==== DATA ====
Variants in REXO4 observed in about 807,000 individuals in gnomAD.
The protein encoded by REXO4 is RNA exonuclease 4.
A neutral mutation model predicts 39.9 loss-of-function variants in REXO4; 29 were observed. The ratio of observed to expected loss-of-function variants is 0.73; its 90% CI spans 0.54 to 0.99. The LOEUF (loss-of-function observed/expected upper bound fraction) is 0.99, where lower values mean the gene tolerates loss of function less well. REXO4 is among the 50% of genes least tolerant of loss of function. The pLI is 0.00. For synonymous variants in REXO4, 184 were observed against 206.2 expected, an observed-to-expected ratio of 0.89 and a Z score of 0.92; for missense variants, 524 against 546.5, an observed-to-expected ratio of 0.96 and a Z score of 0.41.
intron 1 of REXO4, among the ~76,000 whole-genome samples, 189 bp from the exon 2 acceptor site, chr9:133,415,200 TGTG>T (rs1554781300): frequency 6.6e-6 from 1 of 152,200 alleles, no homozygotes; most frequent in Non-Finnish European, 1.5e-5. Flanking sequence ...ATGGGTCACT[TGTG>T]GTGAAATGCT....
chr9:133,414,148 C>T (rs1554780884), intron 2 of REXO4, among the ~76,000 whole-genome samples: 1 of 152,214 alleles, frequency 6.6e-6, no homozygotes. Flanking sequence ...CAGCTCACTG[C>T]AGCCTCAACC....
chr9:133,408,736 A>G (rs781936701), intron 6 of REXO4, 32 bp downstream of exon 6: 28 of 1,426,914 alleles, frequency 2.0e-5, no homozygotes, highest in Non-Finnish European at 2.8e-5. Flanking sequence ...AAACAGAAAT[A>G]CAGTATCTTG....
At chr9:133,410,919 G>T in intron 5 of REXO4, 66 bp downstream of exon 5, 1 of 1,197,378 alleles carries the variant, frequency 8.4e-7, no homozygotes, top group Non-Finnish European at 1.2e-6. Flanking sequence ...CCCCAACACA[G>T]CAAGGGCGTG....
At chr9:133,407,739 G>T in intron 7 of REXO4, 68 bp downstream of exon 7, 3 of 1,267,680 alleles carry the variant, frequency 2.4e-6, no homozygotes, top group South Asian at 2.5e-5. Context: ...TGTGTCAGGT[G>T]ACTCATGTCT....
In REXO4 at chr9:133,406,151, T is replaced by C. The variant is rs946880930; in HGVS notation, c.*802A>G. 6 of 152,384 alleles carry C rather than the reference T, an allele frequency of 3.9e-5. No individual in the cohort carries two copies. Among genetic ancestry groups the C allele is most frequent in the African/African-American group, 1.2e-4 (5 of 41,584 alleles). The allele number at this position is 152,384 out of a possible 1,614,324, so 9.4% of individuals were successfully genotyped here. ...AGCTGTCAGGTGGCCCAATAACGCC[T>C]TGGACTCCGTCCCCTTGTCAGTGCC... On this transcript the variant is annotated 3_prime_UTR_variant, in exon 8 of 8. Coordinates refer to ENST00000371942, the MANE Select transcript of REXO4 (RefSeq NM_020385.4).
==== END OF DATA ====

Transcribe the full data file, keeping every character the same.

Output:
Variants in REXO4 observed in about 807,000 individuals in gnomAD.
The protein encoded by REXO4 is RNA exonuclease 4.
A neutral mutation model predicts 39.9 loss-of-function variants in REXO4; 29 were observed. The ratio of observed to expected loss-of-function variants is 0.73; its 90% CI spans 0.54 to 0.99. The LOEUF (loss-of-function observed/expected upper bound fraction) is 0.99, where lower values mean the gene tolerates loss of function less well. REXO4 is among the 50% of genes least tolerant of loss of function. The pLI is 0.00. For synonymous variants in REXO4, 184 were observed against 206.2 expected, an observed-to-expected ratio of 0.89 and a Z score of 0.92; for missense variants, 524 against 546.5, an observed-to-expected ratio of 0.96 and a Z score of 0.41.
intron 1 of REXO4, among the ~76,000 whole-genome samples, 189 bp from the exon 2 acceptor site, chr9:133,415,200 TGTG>T (rs1554781300): frequency 6.6e-6 from 1 of 152,200 alleles, no homozygotes; most frequent in Non-Finnish European, 1.5e-5. Flanking sequence ...ATGGGTCACT[TGTG>T]GTGAAATGCT....
chr9:133,414,148 C>T (rs1554780884), intron 2 of REXO4, among the ~76,000 whole-genome samples: 1 of 152,214 alleles, frequency 6.6e-6, no homozygotes. Flanking sequence ...CAGCTCACTG[C>T]AGCCTCAACC....
chr9:133,408,736 A>G (rs781936701), intron 6 of REXO4, 32 bp downstream of exon 6: 28 of 1,426,914 alleles, frequency 2.0e-5, no homozygotes, highest in Non-Finnish European at 2.8e-5. Flanking sequence ...AAACAGAAAT[A>G]CAGTATCTTG....
At chr9:133,410,919 G>T in intron 5 of REXO4, 66 bp downstream of exon 5, 1 of 1,197,378 alleles carries the variant, frequency 8.4e-7, no homozygotes, top group Non-Finnish European at 1.2e-6. Flanking sequence ...CCCCAACACA[G>T]CAAGGGCGTG....
At chr9:133,407,739 G>T in intron 7 of REXO4, 68 bp downstream of exon 7, 3 of 1,267,680 alleles carry the variant, frequency 2.4e-6, no homozygotes, top group South Asian at 2.5e-5. Context: ...TGTGTCAGGT[G>T]ACTCATGTCT....
In REXO4 at chr9:133,406,151, T is replaced by C. The variant is rs946880930; in HGVS notation, c.*802A>G. 6 of 152,384 alleles carry C rather than the reference T, an allele frequency of 3.9e-5. No individual in the cohort carries two copies. Among genetic ancestry groups the C allele is most frequent in the African/African-American group, 1.2e-4 (5 of 41,584 alleles). The allele number at this position is 152,384 out of a possible 1,614,324, so 9.4% of individuals were successfully genotyped here. ...AGCTGTCAGGTGGCCCAATAACGCC[T>C]TGGACTCCGTCCCCTTGTCAGTGCC... On this transcript the variant is annotated 3_prime_UTR_variant, in exon 8 of 8. Coordinates refer to ENST00000371942, the MANE Select transcript of REXO4 (RefSeq NM_020385.4).